The bad news is that they are being replaced by marijuana and hallucinogens, and those increased significantly in 2021 compared to five and 10 years ago, reaching historic highs in this age group since 1988, according to the Monitoring the Future (MTF) panel study. Past-month marijuana vaping, which had significantly decreased in 2020, rebounded to pre-pandemic levels in 2021.
Since 1975, the Monitoring the Future study has annually surveyed substance use behaviors and attitudes among a nationally representative sample of teens. A longitudinal panel study component of MTF conducts follow-up surveys on a subset of these participants to track their drug use through adulthood. Participants self-report their drug use behaviors across three primary time periods – lifetime, past year (12 months), and past month (30 days). The MTF study is conducted by scientists at the University of Michigan’s Institute for Social Research, Ann Arbor, and is funded by NIDA, part of the National Institutes of Health.
Data for the 2021 survey were collected online from April 2021 through October 2021. Key findings in the young adult group include:
Marijuana Use: Past-year, past-month, and daily marijuana use (use on 20 or more occasions in the past 30 days) reached the highest levels ever recorded since these trends were first monitored in 1988. The proportion of young adults who reported past-year marijuana use reached 43% in 2021, a significant increase from 34% five years ago (2016) and 29% 10 years ago (2011). Marijuana use in the past month was reported by 29% of young adults in 2021, compared to 21% in 2016 and 17% in 2011. Daily marijuana use also significantly increased during these time periods, reported by 11% of young adults in 2021, compared to 8% in 2016 and 6% in 2011.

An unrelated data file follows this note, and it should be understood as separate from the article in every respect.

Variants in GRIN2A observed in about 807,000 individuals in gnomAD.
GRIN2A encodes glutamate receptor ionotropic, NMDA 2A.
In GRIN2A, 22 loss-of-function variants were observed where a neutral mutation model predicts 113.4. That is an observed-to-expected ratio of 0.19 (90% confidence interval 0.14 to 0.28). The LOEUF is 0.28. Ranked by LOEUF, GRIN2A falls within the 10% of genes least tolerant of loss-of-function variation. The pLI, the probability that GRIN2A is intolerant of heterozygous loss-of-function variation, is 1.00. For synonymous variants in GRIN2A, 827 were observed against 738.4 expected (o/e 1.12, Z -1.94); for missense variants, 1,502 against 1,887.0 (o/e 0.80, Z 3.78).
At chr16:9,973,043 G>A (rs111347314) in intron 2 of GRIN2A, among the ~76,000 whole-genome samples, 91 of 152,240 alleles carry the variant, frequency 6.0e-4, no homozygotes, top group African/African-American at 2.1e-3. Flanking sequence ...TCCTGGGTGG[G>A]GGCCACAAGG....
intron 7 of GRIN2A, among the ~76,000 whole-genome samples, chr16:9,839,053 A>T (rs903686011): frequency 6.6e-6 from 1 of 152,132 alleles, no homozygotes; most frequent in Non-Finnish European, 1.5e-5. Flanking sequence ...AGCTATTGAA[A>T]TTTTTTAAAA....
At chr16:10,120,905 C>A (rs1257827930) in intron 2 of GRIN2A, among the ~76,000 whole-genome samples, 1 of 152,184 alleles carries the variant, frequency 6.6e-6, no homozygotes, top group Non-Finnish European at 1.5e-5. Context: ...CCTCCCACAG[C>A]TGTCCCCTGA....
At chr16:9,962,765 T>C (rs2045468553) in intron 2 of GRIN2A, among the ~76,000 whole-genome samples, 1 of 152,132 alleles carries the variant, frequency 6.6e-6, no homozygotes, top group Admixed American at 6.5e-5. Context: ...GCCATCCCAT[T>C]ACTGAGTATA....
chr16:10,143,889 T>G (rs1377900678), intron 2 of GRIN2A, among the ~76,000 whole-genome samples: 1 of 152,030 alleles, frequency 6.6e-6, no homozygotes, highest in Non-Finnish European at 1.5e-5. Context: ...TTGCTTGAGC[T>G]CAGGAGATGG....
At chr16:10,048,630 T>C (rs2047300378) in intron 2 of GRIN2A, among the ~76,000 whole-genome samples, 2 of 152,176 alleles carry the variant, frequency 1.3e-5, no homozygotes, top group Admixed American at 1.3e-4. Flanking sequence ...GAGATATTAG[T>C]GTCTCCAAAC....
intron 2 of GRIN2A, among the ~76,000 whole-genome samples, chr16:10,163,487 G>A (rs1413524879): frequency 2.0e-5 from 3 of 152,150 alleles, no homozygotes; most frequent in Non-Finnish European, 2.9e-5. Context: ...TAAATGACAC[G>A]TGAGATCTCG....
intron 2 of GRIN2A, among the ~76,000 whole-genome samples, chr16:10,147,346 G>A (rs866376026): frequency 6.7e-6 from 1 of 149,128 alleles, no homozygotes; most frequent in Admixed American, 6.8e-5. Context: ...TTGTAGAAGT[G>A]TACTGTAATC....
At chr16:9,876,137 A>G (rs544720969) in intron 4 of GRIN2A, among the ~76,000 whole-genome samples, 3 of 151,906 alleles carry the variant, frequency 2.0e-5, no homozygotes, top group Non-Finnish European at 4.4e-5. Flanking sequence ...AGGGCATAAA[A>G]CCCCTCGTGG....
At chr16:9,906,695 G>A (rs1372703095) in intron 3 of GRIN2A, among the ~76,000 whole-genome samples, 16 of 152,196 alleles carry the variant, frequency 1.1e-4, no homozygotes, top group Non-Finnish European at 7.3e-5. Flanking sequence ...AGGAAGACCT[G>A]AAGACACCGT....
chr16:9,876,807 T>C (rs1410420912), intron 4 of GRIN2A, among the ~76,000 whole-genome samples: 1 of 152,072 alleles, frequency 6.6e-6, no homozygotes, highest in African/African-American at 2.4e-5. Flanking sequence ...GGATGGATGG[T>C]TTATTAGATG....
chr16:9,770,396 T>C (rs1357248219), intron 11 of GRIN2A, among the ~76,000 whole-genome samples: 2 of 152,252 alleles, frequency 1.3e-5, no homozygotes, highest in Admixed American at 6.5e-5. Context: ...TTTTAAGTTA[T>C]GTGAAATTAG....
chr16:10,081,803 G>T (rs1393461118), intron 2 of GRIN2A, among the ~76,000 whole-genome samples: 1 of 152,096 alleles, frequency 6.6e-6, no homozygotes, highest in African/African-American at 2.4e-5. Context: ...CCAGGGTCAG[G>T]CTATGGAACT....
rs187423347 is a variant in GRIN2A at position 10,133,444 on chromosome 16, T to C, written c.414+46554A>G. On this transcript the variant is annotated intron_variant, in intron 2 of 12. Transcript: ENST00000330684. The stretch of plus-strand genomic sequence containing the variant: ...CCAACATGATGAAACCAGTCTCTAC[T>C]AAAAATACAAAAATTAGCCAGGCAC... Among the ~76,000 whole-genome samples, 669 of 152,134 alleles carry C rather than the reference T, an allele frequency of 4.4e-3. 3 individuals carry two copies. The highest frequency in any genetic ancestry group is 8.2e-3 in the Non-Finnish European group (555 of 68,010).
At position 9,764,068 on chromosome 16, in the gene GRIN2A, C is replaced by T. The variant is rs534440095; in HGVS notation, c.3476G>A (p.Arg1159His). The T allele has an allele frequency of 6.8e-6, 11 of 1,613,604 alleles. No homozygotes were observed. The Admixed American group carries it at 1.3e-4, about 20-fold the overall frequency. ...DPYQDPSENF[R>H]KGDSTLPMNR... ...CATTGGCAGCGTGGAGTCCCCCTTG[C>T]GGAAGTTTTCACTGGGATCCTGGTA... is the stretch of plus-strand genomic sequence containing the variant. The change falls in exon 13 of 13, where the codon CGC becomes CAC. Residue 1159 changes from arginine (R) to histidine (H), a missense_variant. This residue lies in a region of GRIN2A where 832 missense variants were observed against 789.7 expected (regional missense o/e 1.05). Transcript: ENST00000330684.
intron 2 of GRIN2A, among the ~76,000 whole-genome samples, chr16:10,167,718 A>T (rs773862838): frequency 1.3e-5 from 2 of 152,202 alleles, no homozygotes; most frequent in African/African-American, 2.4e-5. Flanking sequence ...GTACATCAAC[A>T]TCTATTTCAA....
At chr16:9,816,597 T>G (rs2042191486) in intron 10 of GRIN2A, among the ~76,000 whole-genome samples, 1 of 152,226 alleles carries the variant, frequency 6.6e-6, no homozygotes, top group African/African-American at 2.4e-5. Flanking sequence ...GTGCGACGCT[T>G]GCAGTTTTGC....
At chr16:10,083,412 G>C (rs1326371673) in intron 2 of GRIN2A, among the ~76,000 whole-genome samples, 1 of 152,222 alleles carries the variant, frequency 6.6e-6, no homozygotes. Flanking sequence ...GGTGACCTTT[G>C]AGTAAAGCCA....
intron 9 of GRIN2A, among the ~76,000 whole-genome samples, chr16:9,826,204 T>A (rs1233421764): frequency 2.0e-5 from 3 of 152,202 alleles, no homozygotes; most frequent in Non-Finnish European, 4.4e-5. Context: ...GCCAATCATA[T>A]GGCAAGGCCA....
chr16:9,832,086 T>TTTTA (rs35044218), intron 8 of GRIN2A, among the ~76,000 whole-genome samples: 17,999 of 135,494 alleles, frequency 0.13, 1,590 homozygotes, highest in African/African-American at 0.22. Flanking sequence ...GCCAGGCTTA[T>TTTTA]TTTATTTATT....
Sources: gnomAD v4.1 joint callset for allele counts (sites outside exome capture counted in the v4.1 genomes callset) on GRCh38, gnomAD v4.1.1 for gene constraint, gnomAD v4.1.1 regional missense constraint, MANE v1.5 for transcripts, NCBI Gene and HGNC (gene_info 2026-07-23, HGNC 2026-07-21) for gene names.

Hallucinogen Use: Past-year hallucinogen use had been relatively stable over the past few decades until 2020, when reports of use started to increase dramatically. In 2021, 8% of young adults reported past-year hallucinogen use, representing an all-time high since the category was first surveyed in 1988. By comparison, in 2016, 5% of young adults reported past-year hallucinogen use, and in 2011, only 3% reported use. Types of hallucinogens reported by participants included LSD, MDMA, mescaline, peyote, “shrooms” or psilocybin, and PCP. The only hallucinogen measured that significantly decreased in use was MDMA (also called ecstasy or Molly), showing statistically significant decreases within one year as well as the past five years – from 5% in both 2016 and 2020 to 3% in 2021.
Vaping: Nicotine vaping in the past month increased significantly among young adults in 2021 despite leveling off in 2020 during the earlier part of the pandemic. The continued increase in 2021 reflects a general long-term upward trend: in 2021, nicotine vaping prevalence nearly tripled to 16% compared to 6% in 2017, when the behavior was first recorded.
“As the drug landscape shifts over time, this data provides a window into the substances and patterns of use favored by young adults. We need to know more about how young adults are using drugs like marijuana and hallucinogens, and the health effects that result from consuming different potencies and forms of these substances,” said National Institute on Drug Abuse Director Nora Volkow, M.D. “Young adults are in a critical life stage and honing their ability to make informed choices. Understanding how substance use can impact the formative choices in young adulthood is critical to help position the new generations for success.”
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